We are of opinion that the defendant is not liable at common law. The planks which were removed were rough and had been used previously in the erection of other stagings. It is obvious that sometimes it might be necessary to nail such planks together or to other parts of the staging, and that from use and wear they might become splintered or contain nails which would not be removed; that such a condition of the planking used for staging was likely to exist, and to keep it at all times free from nails or splinters would be difficult, if not impossible. The plaintiff did not need to be instructed or warned concerning a danger so obvious. We think that the danger of injury from splinters or protruding nails in this staging plank was one of the risks of the business which the plaintiff assumed. Blake v. John F. Johnston Co. 213 Mass. 143 .
We are also of opinion that the danger of injury in the case at bar might well be regarded as transitory, and not a permanently dangerous condition of the place where the plaintiff was employed. The possibility of injury from such a cause was so remote that the defendant ought not reasonably to have anticipated injury to the plaintiff and to have guarded against it. The employer is not liable for a passing risk and owes no duty to warn, if it is of such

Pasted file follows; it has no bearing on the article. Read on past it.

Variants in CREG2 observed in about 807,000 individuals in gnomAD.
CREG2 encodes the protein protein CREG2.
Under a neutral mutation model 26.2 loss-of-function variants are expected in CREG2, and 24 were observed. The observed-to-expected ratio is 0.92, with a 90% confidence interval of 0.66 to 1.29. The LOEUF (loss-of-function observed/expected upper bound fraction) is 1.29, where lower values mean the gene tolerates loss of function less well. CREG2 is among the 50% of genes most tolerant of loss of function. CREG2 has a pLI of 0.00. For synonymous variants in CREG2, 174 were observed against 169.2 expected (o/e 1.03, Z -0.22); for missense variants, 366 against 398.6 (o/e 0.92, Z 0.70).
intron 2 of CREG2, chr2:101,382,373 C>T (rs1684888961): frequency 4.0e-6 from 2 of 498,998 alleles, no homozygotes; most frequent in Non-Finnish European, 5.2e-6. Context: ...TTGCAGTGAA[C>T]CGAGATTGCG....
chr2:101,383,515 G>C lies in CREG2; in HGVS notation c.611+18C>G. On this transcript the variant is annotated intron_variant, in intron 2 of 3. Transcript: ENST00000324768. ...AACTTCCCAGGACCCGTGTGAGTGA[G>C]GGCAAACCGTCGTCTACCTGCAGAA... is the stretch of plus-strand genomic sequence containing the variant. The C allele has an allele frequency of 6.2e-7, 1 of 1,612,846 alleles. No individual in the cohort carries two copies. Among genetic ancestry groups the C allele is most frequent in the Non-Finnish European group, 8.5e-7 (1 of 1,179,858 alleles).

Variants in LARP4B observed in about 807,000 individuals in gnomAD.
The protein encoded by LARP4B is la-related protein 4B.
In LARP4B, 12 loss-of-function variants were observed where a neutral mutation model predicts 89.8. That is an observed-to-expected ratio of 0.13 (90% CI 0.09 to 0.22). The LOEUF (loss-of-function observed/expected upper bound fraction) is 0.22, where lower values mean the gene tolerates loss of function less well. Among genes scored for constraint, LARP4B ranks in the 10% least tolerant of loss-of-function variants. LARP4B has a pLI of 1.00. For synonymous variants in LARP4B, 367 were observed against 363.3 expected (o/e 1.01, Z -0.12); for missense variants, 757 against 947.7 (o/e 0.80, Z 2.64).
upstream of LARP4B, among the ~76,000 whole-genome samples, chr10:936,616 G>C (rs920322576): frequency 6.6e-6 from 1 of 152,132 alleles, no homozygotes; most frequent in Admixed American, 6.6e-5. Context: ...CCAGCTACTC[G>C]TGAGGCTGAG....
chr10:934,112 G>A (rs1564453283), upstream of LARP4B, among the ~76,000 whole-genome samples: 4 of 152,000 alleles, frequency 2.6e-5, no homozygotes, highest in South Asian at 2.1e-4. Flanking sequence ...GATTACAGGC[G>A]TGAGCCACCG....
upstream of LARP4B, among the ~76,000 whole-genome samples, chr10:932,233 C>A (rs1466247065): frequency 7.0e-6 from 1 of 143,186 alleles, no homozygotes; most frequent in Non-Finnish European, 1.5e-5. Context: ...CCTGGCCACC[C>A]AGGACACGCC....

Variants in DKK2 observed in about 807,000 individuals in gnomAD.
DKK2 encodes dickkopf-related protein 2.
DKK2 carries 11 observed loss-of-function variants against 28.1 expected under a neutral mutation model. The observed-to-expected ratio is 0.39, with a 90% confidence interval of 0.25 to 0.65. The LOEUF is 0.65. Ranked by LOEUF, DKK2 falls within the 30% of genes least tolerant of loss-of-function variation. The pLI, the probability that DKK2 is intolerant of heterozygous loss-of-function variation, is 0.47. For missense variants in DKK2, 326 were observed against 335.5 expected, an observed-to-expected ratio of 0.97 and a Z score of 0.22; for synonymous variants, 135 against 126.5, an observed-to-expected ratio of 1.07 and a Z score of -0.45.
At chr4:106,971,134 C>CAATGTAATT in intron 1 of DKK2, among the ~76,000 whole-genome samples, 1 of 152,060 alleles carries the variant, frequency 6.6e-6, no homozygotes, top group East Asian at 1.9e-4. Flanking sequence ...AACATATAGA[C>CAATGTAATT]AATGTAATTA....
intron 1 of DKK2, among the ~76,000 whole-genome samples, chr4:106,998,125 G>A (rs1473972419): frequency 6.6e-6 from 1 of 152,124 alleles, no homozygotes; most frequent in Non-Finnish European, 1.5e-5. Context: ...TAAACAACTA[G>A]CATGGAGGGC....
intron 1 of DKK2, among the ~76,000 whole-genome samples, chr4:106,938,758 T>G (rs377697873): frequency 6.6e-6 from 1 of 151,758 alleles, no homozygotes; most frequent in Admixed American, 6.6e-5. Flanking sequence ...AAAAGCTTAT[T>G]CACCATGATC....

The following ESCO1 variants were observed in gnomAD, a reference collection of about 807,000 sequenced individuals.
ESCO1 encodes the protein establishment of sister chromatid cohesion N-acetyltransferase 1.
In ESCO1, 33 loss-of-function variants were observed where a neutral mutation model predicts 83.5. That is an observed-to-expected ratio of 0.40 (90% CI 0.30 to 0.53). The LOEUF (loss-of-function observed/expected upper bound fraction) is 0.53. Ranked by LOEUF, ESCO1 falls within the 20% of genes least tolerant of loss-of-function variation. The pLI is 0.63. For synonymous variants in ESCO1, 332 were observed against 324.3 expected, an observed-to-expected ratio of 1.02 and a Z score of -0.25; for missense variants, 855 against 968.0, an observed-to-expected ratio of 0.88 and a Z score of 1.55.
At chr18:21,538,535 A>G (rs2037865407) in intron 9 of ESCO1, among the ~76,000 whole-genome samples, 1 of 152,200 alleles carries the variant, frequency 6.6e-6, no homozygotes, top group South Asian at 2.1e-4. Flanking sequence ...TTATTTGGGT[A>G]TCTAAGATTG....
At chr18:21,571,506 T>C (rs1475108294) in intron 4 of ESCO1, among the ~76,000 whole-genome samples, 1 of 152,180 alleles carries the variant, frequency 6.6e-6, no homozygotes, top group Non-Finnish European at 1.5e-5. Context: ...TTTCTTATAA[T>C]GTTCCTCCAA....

a character that the employee may be reasonably expected to care for himself. McCann v. Kennedy, 167 Mass. 23 . Whittaker v. Bent, 167 Mass. 588 . Kanz v. Page, 168 Mass. 217 . Campbell v. Dearborn, 175 Mass. 183 . Murdock v. Paine Furniture Co. 211 Mass. 97 . Gainey v. Peabody, 213 Mass. 229 . Amero v. Adams, ante, 367.
In accordance with the agreement of the parties as stated in the report, judgment is to be entered for the defendant.
M. F. O'Malley, for the plaintiff.
W. H. Hitchcock, for the defendant.
[Note p566] Stevens, J.